Dream Days

Front Cover
John Lane, 1899 - Brothers and sisters - 275 pages
3 Reviews
The further adventures of five brothers and sisters growing up in the English countryside in the late nineteenth century. Sequel to "The Golden Age."

What people are saying - Write a review

LibraryThing Review

User Review  - unclebob53703 - LibraryThing

Couldn't be more different from The Wind in the Willows, stories from the point of view of children, mostly vexed and confused by adults. Nice illustrations by Ernest Shephard. Read full review

LibraryThing Review

User Review  - Bjace - LibraryThing

Five orphaned children, being raised in the British countryside by aunts, uncles and servants but mostly by each other, experience the joys of a country childhood. Book is written entirely from a ... Read full review

Selected pages

Other editions - View all

Common terms and phrases

Popular passages

Page 199 - I've got such an active mind — always occupied, I assure you ! But time went on, and there was a certain sameness about the life, and at last I began to think it would be fun to work my way upstairs and see what you other fellows were doing. So I scratched and burrowed, and worked this way and that way and at last I came out through this cave here. And I like the country, and the view, and the people — what I've seen of 'em — and on the whole I feel inclined to settle down here.
Page 191 - He was sticking half-way out of the cave, and seemed to be enjoying of the cool of the evening in a poetical sort of way. He was as big as four cart-horses, and all covered with shiny scales — deep-blue scales at the top of him, shading off to a tender sort o' green below. As he breathed, there was that sort of flicker over his nostrils that you see over our chalk roads on a baking windless day in summer. He had his chin on his paws, and I should say he was meditating about things. Oh, yes, a peaceable...
Page 47 - I always expected it of you, sooner or later ; but the die is cast, and you may go home again and bewail at your leisure this too tardy repentance of yours. For me, I am vowed and dedicated, and my relations henceforth are austerity and holy works. Once a month, should you wish it, it shall be your privilege to come and gaze at me through this very solid grating ; but " Whack! A well-aimed clod of garden soil, whizzing just past my ear, starred on a tree-trunk behind, spattering me with dirt. The...
Page 216 - I came down the street just now, and they were betting six to four on the dragon freely!' 'Six to four on the dragon!' murmured St. George sadly, resting his cheek on his hand. 'This is an evil world, and sometimes I begin to think that all the wickedness in it is not entirely bottled up inside the dragons. And yet — may not this wily beast have misled you as to his real character, in order that your good report of him may serve as a cloak for his evil deeds? Nay, may there not be, at this very...
Page 205 - ... and win deathless fame; and each night's heated discussion always ended in nothing. Meanwhile the dragon, a happy Bohemian, lolled on the turf, enjoyed the sunsets, told antediluvian anecdotes to the Boy, and polished his old verses while meditating on fresh ones. One day the Boy, on walking into the village, found everything wearing a festal appearance which was not to be accounted for in the calendar. Carpets and gay-coloured stuffs were hung out of the windows, the church-bells clamoured noisily,...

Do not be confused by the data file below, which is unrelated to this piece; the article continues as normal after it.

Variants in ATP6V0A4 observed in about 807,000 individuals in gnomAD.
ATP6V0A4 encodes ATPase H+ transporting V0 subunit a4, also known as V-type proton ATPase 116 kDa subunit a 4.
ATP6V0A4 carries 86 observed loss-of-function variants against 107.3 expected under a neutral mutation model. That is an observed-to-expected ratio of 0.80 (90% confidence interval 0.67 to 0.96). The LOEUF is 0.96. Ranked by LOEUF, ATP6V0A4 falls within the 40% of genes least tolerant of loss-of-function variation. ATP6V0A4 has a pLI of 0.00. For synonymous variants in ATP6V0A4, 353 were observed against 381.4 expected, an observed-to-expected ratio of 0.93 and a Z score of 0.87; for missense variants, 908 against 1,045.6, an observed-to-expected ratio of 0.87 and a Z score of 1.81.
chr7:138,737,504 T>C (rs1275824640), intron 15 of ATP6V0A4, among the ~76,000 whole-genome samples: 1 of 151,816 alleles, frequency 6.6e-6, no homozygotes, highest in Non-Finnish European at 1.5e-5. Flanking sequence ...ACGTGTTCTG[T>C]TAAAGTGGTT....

Page 217 - I've been over-credulous," said St George. "Perhaps I've misjudged the animal. But what are we to do? Here are the dragon and I, almost face to face, each supposed to be thirsting for each other's blood. I don't see any way out of it, exactly. What do you suggest? Can't you arrange things, somehow?" "That's just what the dragon said," replied the Boy, rather nettled.
Page 205 - ... freed from this pest, this terror, this destroying scourge. The fact that not even a hen-roost was the worse for the dragon's arrival wasn't allowed to have anything to do with it. He was a dragon, and he couldn't deny it, and if he didn't choose to behave as such that was his own look-out. But in spite of much valiant talk no hero was found willing to take sword and spear and free the suffering village and win deathless fame ; and each night's heated discussion always ended in nothing. Meanwhile...
Page 193 - cos I do know," replied the Boy quietly. "Look here, father, you know we've each of us got our line. Tou know about sheep, and weather, and things; / know about dragons. I always said, you know, that that cave up there was a dragon-cave. I always said it must have belonged to a dragon some time, and ought to belong to a dragon now, if rules count for anything. Well, now you tell me it has got a dragon, and so that's all right. I'm not half as much surprised as when you told me it hadn't got a dragon....
Page 245 - P'raps it's true for all that," I replied encouragingly. Charlotte bolted in like a rabbit, out of the cold and the dark; but I lingered a moment in the still, frosty air, for a backward glance at the silent white world without, ere I changed it for the land of firelight and cushions and laughter. It was the day for choir-practice, and carol-time was at hand, and a belated member was passing homewards down the road, singing as he went: Then St George: ee made rev'rence: in the stable so dim, Oo vanquished...
Page 213 - Exactly,' said St. George, smiling pleasantly, 'I quite understand. A good dragon. Believe me, I do not in the least regret that he is an adversary worthy of my steel, and no feeble specimen of his noxious tribe.' 'But he's not a noxious tribe,' cried the Boy distressedly. 'Oh dear, oh dear, how stupid men are when they get an idea into their heads! I tell you he's a good dragon, and a friend of mine, and tells me the most beautiful stories you ever heard, all about old times and when he was little....

Bibliographic information